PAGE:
Rising protests in the sports world


Huon Fitzpatrick, Staff Writer

A famous saying in our society is that “a picture is worth a thousand words.” This year, however, athletes from across the sports world painted a picture worth even more: a picture filled with silence.

On August 23rd, Jacob Blake, a Black man in Kenosha, Wisconsin, was shot in the back several times by police officers while walking towards his car. This tragedy immediately sparked an outcry from many of America’s influential Black athletes, including Lebron James and many of his National Basketball Association counterparts. “We are scared as Black people in America,” James said during a news conference inside the NBA’s Disney World bubble, “because you don’t know, you have no idea how the cop that day left the house.”  The shooting of Jacob Blake was seen as yet another instance of what these athletes believe to be racially motivated violence and police brutality.

The NBA shook the sports world a few days after Blake’s shooting when the Milwaukee Bucks, a team that plays 40 miles from Kenosha, boycotted their first-round playoff game against the Orlando Magic by not coming out of the locker room. Sterling Brown, a forward for the Bucks, who was tased by the police in 2018 after a parking violation, read a statement as to why the Bucks, and many teams that followed suit, decided to boycott, “Despite the overwhelming plea for change there has been no action, so our focus today cannot be on basketball.’’

After the Bucks and Magic decided not to play, the rest of the NBA’s players, led in a meeting by Lebron James, decided to boycott the playoffs for a few days, while some players thought about canceling the rest of the season. Many players, including the Brooklyn Nets’ Kyrie Irving and Bucks’ George Hill, thought that the NBA bubble, which is an isolated zone in Florida to protect the players from COVID-19 while allowing the season to finish, should not have started in the first place, “We shouldn’t have come to this damn place to be honest,” Hill said, “I think coming here just took all the focal points off what the issues are.” 

The NBA and the Women’s NBA are at the forefront of the continuous fight against incidents of police brutality against African Americans, but the boycott that began with the Bucks reached every sports league, even what some consider conservative Major League Baseball, where three games were canceled in response to the Blake shooting. WNBA players from the Washington Mystics came out to the court wearing white shirts with seven holes to represent the seven bullets that went into Jacob Blake’s back. Three MLB games featuring the Los Angeles Dodgers, San Francisco Giants, San Diego Padres, Seattle Mariners, Milwaukee Brewers, and Cincinnati Reds were postponed to show support, and 5 Major League Soccer games were also postponed. Naomi Osaka, the number three women’s tennis player in the world, decided not to play her match in the Western & Southern Open, saying, “Before I am an athlete, I am a Black woman. And as a Black woman I feel as though there are much more important matters at hand that need immediate action, rather than watching me play tennis.”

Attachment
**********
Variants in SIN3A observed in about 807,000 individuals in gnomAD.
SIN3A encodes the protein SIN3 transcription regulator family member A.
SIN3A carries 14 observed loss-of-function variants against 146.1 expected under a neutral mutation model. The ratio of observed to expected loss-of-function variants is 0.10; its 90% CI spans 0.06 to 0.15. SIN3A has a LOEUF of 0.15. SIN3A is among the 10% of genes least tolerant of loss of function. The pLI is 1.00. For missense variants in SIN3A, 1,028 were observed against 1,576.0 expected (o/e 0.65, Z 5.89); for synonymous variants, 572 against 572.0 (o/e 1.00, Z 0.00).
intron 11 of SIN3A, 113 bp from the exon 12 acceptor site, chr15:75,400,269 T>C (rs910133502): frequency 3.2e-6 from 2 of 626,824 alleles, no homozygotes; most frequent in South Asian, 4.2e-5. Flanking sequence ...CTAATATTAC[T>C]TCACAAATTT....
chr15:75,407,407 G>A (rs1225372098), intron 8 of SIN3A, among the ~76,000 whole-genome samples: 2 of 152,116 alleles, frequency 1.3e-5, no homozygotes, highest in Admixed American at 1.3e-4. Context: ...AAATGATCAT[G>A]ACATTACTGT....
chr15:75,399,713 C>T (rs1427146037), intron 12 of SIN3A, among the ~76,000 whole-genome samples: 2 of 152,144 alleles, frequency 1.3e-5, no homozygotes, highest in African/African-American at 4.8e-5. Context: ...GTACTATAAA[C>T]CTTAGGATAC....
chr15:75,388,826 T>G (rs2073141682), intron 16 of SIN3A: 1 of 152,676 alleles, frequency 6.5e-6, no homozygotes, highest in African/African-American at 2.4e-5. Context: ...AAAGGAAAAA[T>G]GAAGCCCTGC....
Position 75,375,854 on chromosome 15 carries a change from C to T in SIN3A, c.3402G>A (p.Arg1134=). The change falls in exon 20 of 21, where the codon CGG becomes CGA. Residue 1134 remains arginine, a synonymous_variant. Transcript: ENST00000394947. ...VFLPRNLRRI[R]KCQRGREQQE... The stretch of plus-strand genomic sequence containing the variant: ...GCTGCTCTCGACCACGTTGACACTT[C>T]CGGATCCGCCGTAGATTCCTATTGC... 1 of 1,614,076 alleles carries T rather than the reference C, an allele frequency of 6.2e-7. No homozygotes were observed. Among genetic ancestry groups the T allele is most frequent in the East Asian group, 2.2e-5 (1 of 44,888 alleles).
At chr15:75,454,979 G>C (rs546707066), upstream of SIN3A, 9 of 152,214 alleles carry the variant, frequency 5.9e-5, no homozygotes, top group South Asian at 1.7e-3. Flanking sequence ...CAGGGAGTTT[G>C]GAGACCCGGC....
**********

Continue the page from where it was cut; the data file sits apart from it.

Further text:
The loudest demand for change came from Doc Rivers, the Black coach of the Los Angeles Clippers, speaking after his team’s Game 5 victory over the Dallas Mavericks, “It’s amazing why we keeping loving this country, and this country does not love us back…All you hear is Donald Trump and all them talking about fear. We’re the ones getting killed. We’re the ones getting shot. We’re the ones that were denied to live in certain communities. We’ve been hung. We’ve been shot. And all you do is keep hearing about fear.”

Professional athletes have been at the forefront of speaking out against societal injustice for more than 50 years, with athletes like Tommie Smith and John Carlos raising their fists at the 1968 Mexico City Olympics, and Muhammad Ali refusing to serve in the Vietnam War, and most recently, Colin Kaepernick kneeling for the National Anthem to protest purportedly racialized police brutality. These examples laid the groundwork for the current boycotts which have affected America more in a few days than Kaepernick’s decision to kneel did in four years. Walkouts of this magnitude have never happened in the sports world before, and they are setting the bar high for future generations as black and white athletes continue to protest until their demands for the fair and equal treatment of Black Americans by the judicial system are met. 

While these athletes have faced significant backlash, especially from President Trump during the Republican National Convention, the players are ignoring the backlash and say they are competing for something greater than winning a game.




Stein, Marc. “Led by N.B.A., Boycotts Disrupt Pro Sports in Wake of Blake Shooting.” The New York Times, 26 Aug. 2020, www.nytimes.com/2020/08/26/sports/basketball/nba-boycott-bucks-magic-blake-shooting.html. Accessed 20 Sept. 2020.

Streeter, Kurt. “With Walkouts, a New High Bar for Protests in Sports Is Set.” The New York Times, 27 Aug. 2020, www.nytimes.com/2020/08/27/sports/basketball/kenosha-nba-protests-players-boycott.html. Accessed 20 Sept. 2020.

“ESPN.” ESPN.Com, 26 Aug. 2020, www.espn.com/video/clip?id=29742911. Accessed 20 Sept. 2020.

Tanishk Thilakan. “NBA Boycott: Why Do Celtics and Raptors Players Want to Boycott Game 1 of Eastern Conference…” The SportsRush, The SportsRush, 26 Aug. 2020, thesportsrush.com/nba-news-nba-boycott-why-do-celtics-and-raptors-players-want-to-boycott-game-1-of-eastern-conference-semi-finals/. Accessed 21 Sept. 2020.

Weiswerda, Brennin. “These NHL Players Have Spoken out about Racism and the Death of George Floyd.” RMNB, 5 June 2020, russianmachineneverbreaks.com/2020/05/30/these-nhl-players-have-spoken-out-about-racism-and-the-death-of-george-floyd/.

Photo credit: Kevin C. Fox/ Getty Images